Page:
Shari’a law: Panacea or poison for Somalia?
by Abdullahi Jama Hussein
Wednesday, February 25, 2009
“Calls for the `return to Islam` and the application of the shari’a in the modern world presuppose a historical Muslim society that was ruled by holy law, only disrupted by colonial incursions and irreligious reforms…..the shari’a has always been an important feature of Muslim societies and governments, but it has been assigned particular niches of operation, mostly in the private matters of the subjects…the shari’a enjoyed an ideological resonance as a high, indeed sacred standard of justice. Rulers claimed legitimacy in its terms, and rivals and rebels employed its rhetoric in indicating unjust or illegitimate rule. Scholars and jurists, the guardians of the shari’a enjoyed high portions of wealth and influence in most periods, often through patronage of rulers.”(Zubaida, 2003).
The central doctrine of Islam consists of vigorous and strict monotheism; the message of Prophet Muhammad PUH contains both faith and morals. In other words; it is both doctrine and law.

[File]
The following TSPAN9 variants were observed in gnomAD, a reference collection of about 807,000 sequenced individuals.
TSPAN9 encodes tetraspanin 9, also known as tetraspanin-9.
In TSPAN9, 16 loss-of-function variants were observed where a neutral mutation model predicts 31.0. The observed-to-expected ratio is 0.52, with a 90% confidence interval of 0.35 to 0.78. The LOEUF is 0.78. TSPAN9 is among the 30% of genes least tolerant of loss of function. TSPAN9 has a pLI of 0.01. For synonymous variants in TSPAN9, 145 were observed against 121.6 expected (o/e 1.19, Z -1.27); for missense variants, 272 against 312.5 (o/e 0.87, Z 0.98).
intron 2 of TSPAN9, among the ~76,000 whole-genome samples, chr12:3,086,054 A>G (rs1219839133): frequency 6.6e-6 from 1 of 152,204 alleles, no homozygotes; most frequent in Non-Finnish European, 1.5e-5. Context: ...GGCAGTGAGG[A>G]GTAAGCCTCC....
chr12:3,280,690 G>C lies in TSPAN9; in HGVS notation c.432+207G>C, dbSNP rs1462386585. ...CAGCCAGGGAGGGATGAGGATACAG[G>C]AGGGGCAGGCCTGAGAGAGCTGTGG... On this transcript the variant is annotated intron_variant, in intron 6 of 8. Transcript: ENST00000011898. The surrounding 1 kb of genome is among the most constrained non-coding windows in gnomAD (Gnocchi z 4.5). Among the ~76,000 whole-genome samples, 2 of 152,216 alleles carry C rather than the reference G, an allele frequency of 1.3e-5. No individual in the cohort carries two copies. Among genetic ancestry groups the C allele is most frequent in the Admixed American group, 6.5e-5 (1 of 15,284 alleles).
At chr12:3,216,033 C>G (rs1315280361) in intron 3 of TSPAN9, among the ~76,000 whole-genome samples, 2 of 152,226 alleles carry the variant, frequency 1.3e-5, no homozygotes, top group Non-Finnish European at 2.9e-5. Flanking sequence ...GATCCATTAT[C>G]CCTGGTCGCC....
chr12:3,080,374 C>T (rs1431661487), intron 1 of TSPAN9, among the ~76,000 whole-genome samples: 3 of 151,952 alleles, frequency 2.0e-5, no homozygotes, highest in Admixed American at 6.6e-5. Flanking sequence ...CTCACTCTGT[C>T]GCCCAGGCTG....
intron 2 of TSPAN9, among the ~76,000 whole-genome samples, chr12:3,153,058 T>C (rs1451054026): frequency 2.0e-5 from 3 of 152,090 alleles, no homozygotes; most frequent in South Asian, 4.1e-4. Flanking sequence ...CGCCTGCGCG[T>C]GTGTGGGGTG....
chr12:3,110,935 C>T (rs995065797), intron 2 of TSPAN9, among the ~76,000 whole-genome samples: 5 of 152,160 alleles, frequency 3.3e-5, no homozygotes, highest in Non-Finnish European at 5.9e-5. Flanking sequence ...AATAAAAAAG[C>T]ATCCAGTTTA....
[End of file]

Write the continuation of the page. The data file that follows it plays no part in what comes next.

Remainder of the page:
Sheikh-ul lslam Ibn Taymiya, a prominent scholar of eighth century, wrote that “ALLAH does not permit, in effect, to put to death certain creatures except in view of the public good. HE said: "Fighting therein is a great (transgression)  but a greater (transgression) with ALLAH is to prevent mankind from following the way of ALLAH” (II, 216) (Ibnu Taymiyah, Siyasa Shari’a).
Therefore, a righteous leader has an obligation to enforce the shari’a law and, at the same time, create conditions that motivates the folk for “obedience and restraint”.
Poking the Hornet's nest
The recent statement by AU special envoy to Somalia Mr. Nicholas Bwakira, that Somalia’s new president assured him “that Somalia will be secular”, stir up a new controversy. And, if that is true, it will be a hornet’s nest for Sheikh Sharif.
Bwakira added: “he had been assured by President Sheikh Sharif Sheikh Ahmed, a Somali cleric, that his government would not be religious”.